Microsoft has published its Q4 2014 earnings report, and the company has made $4.6 billion in net income on $23.38 billion in revenue. Revenue has increased compared to $19.9 billion from the same period last year, and net income decreased only slightly compared to last year's $4.97 billion. In all, the earnings don't seem to hold many big surprises — at least not compared to the massive layoffs it recently announced.
Stronger-than-expected PC demand helped Intel’s latest quarterly earnings, and it has also impacted Microsoft’s. OEM revenue for Windows increased by 3 percent this quarter, further hinting that the decline of traditional PC sales might be starting to slow down. Some of that increase is likely thanks to businesses refreshing their PC hardware as Windows XP entered end of support back in April.
As Microsoft battles to focus its efforts on mobile and the cloud, it is still attempting to push the Windows Phone platform. The company reported selling 5.8 million Lumia phones and 30.3 million non-Lumia phones "following the completion of the NDS acquisition." Although that may look like a 21 percent drop for Lumia sales year over year, those sales numbers only account for two of the three months of this past quarter. Microsoft has now acquired Nokia’s phone business, and it plans to focus solely on Windows Phone for the low- and high-end over the next 18 months.
Unfortunately, details on Surface sales are a mystery. That’s no surprise as Microsoft still refuses to provide sales figures, but Surface accounted for $409 million in revenue this quarter. Microsoft's decision not to ship its Surface Mini hit revenue for Surface overall, as the company admits that current year cost of revenue related to Surface includes a "decision to not ship a new form factor." Elsewhere in hardware, Microsoft sold 1.1 million Xboxes during the quarter, though it did not specify how many were Xbox Ones and how many were Xbox 360s. Either way, the Xbox One has fallen behind Sony’s PlayStation 4 US sales for six months in a row.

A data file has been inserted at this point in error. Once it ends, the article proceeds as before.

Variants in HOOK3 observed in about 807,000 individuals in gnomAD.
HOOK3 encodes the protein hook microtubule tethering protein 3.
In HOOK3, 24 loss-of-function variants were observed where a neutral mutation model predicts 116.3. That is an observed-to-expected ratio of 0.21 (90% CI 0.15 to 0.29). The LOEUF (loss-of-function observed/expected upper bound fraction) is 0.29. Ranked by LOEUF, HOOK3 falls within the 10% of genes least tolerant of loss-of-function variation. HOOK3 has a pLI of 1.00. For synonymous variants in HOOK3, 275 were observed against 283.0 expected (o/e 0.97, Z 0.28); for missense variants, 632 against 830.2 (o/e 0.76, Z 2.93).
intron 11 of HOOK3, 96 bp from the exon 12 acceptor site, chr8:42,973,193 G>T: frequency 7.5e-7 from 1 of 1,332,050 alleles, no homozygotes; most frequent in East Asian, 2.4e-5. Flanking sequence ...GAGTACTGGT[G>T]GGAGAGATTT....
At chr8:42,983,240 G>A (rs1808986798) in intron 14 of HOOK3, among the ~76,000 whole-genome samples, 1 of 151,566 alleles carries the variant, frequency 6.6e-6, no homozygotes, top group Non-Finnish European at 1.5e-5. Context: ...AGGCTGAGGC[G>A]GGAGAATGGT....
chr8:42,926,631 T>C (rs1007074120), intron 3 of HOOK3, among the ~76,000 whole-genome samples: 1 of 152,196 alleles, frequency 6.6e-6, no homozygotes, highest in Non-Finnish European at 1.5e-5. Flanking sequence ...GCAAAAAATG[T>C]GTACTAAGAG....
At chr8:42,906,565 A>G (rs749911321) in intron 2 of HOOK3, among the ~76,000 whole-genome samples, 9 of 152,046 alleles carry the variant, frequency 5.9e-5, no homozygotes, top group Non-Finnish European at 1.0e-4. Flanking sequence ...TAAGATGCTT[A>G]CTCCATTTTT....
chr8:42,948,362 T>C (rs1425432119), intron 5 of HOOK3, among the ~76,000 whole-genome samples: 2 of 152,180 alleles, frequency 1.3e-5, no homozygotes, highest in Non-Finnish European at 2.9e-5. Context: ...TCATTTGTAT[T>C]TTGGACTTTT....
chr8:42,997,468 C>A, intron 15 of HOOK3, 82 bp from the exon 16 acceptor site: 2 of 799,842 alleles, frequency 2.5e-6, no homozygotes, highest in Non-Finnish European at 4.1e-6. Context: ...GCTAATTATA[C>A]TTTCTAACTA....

Microsoft continues to do well with its server and cloud offerings, both of which are increasingly important businesses for the company. Revenue has increased 11 percent to $13.48 billion overall. That's a mix of its Azure cloud service, Office 365 for business and enterprise, Windows volume licenses, and products like Exchange, SharePoint, and Lync. With commercial cloud revenue growing by 147 percent, Microsoft's cloud performance is still the most impressive growth point for the software maker as it continues its focus on cloud and mobile. Even on the consumer side, Office 365 Home and Personal subscribers now total 5.6 million, that's an addition of 1 million subscribers this quarter.
Microsoft’s latest earnings come as its new CEO, Satya Nadella, attempts to steer the company in a new direction. 18,000 job cuts are planned over the next year, with most affecting former Nokia employees as part of the $7.2 billion acquisition. Nadella is planning to outline more of Microsoft’s plans during the company’s earnings call at 5:30PM ET, and we’ll update you accordingly with any key remarks.